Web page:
·         The prevailing attitudes and cultures in medical and health education (specifically perfectionism and the use of the biomedical model) are the greatest barriers to the success of students with disabilities.

·        Sharing stories is crucial to changing the culture. We know that personal experiences and stories are far more influential than data in shifting mindsets. Reading the success stories of nurses and nursing students with disabilities is one of my favorite parts of the Exceptional Nurses group!

·        Get to know a contact in your Student Disability Access Office! They are excellent resources to faculty and students.

·        Be cautious of what and how you say something- our word choices can be interpreted as sources of microaggression by students experiencing disabilities. It's important that we maintain and open dialogue with our students, so they feel safe to share when they experience microaggressions. We must acknowledge our areas for growth and take accountability.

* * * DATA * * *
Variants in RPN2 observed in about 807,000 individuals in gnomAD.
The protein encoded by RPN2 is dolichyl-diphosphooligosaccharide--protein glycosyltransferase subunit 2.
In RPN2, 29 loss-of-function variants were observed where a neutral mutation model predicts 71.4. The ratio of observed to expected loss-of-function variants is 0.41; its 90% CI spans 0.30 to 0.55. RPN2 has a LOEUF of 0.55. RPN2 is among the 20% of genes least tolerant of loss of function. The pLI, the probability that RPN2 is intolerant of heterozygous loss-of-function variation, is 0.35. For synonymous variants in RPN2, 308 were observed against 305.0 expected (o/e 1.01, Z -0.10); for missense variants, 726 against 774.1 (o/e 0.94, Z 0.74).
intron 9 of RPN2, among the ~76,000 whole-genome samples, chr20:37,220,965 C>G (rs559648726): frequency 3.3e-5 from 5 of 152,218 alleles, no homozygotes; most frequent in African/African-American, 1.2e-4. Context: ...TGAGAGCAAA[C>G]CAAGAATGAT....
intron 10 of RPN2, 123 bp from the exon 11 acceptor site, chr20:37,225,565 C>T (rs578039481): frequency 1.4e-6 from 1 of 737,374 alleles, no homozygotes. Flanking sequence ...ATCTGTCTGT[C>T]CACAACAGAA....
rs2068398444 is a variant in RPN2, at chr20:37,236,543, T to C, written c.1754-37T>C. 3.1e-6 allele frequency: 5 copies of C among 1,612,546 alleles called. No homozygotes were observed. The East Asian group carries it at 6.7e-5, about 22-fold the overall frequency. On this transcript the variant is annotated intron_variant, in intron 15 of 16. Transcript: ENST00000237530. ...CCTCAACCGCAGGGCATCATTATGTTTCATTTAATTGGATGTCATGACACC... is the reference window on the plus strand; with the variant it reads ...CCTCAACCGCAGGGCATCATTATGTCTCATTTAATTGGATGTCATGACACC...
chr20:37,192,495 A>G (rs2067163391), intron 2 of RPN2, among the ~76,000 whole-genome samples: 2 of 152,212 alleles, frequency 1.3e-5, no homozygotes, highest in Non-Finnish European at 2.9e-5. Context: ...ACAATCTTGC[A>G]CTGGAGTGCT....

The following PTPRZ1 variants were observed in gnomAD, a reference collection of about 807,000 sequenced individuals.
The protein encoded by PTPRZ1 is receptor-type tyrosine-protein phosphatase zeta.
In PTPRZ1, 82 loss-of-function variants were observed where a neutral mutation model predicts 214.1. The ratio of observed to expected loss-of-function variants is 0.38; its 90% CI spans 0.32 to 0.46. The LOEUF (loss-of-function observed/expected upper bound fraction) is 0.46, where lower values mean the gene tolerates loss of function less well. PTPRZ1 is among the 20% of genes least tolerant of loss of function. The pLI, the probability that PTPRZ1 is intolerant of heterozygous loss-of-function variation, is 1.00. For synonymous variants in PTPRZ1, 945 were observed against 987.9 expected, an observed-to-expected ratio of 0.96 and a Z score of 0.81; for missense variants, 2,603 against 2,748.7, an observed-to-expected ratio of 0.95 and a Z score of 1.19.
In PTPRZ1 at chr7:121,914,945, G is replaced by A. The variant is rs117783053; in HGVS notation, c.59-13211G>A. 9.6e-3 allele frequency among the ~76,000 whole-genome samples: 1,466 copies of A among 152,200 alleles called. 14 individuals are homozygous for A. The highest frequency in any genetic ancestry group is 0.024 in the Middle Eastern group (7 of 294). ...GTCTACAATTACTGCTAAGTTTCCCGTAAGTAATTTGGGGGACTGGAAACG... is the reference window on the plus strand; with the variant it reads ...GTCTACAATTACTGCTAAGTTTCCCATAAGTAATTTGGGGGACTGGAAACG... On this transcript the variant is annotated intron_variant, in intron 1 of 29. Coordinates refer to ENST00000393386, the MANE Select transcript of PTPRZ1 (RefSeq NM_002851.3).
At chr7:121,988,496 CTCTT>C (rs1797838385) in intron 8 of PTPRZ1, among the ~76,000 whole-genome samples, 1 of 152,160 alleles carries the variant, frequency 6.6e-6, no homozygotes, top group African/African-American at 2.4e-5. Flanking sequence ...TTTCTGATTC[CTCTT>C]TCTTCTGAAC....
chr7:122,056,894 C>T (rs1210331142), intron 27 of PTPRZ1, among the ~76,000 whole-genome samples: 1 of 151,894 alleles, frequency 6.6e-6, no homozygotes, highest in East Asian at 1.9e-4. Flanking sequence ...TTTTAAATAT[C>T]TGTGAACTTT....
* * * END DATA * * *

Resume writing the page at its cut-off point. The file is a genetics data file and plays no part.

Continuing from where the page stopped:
·        There are many forms of assistive technologies available to help students in the classroom and clinical setting. Although it can be overwhelming, Joshua Hori (Accessible Technology Analyst for Student Disability Center at the University of California) has a great Trello board that presents an overview of many available apps, software, and other programs: https://trello.com/b/rirGA3kZ/accessible-technology-software

I appreciate opportunities to attend professional development trainings which stretch me to think, teach, and act in different ways! I am looking forward to this upcoming semester when I can incorporate what I learned into my teaching practice.

With thanks to Dr. Hartman for this insightful guest blog post!

Please share your thoughts below,

Donna